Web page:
DORSET residents are being invited to talk about the impact the cost-of-living crisis has had on their mental health.

Scientists from the University of Southampton are surveying residents about the impact of recent price rises to understand if it is causing greater rates of anxiety and depression.

Dr Thomas Richardson, an associate professor of clinical psychology at the university, said people facing financial difficulties are more likely to experience ill mental health.

He said: “This study will help us understand the impact of the cost-of-living crisis to better support the financial and mental health of people in our communities.

“We know financial difficulties can impact mental health and vice versa. Anyone aged 18 and older can take part in the survey whether or not they are worried about money or mental health.”

Scientists are also working with nearby charities and organisations which support mental health and provide financial advice to help more people access available support.

Study co-lead Dr Dianna Smith, an associate professor of health geography at the university, said: “People may feel nervous to talk about debt and mental health but it’s only by hearing about their experiences that we can identify how best to help people with mental health.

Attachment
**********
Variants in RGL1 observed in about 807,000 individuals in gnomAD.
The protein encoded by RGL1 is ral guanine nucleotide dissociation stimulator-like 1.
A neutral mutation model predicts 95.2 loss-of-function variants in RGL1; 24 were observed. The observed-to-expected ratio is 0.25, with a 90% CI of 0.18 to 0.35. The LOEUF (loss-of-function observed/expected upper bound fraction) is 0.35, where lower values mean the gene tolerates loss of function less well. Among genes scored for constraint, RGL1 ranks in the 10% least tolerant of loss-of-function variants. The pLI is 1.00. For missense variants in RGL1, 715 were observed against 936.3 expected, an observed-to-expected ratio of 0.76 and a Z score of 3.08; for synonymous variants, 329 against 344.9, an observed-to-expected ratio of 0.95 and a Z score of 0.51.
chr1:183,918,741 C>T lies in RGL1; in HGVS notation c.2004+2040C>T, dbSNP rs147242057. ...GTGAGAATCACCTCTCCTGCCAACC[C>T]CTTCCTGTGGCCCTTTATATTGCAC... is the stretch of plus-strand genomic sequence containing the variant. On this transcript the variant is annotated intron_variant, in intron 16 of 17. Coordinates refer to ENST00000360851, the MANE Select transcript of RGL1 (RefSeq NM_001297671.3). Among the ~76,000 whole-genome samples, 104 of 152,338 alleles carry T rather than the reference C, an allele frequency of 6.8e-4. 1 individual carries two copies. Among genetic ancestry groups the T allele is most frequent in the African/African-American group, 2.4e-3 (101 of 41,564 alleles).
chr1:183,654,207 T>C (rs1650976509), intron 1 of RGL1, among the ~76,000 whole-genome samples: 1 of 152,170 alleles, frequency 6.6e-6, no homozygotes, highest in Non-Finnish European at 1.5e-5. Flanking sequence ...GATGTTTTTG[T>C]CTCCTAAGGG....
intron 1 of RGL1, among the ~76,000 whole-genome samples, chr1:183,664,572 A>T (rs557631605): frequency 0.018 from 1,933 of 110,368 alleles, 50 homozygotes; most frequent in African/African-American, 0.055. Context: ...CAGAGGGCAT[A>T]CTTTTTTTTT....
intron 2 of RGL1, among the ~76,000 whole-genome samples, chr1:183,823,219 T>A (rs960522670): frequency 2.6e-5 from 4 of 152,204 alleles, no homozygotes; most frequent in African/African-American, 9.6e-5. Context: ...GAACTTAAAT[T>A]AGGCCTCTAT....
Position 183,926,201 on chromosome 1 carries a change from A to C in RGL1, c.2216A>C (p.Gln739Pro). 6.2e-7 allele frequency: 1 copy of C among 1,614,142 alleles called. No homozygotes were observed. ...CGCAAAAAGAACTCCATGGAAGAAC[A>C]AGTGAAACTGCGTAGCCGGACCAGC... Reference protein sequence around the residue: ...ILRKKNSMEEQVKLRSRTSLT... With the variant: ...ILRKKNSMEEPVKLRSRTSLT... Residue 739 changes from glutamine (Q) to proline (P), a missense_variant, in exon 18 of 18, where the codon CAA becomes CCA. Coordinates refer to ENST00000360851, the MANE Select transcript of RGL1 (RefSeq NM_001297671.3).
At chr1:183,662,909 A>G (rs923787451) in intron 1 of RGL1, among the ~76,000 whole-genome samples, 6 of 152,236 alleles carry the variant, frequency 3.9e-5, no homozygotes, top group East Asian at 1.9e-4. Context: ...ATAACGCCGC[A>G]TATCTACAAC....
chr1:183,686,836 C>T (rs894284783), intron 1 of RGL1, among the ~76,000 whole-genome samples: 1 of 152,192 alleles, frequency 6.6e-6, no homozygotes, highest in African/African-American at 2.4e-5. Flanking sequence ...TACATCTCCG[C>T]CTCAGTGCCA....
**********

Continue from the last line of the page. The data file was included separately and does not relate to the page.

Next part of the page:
“We know from previous work that people are turning to food banks and charities for advice and help, but we need to connect to organisations to give us a complete picture of the impact of higher living costs on people’s lives and health.”

The study has been funded the National Institute of Health Research's Applied Research Collaboration in Wessex to improve the life and health of communities in the region.

The survey is aimed at people living across Dorset and also Hampshire and can be completed online at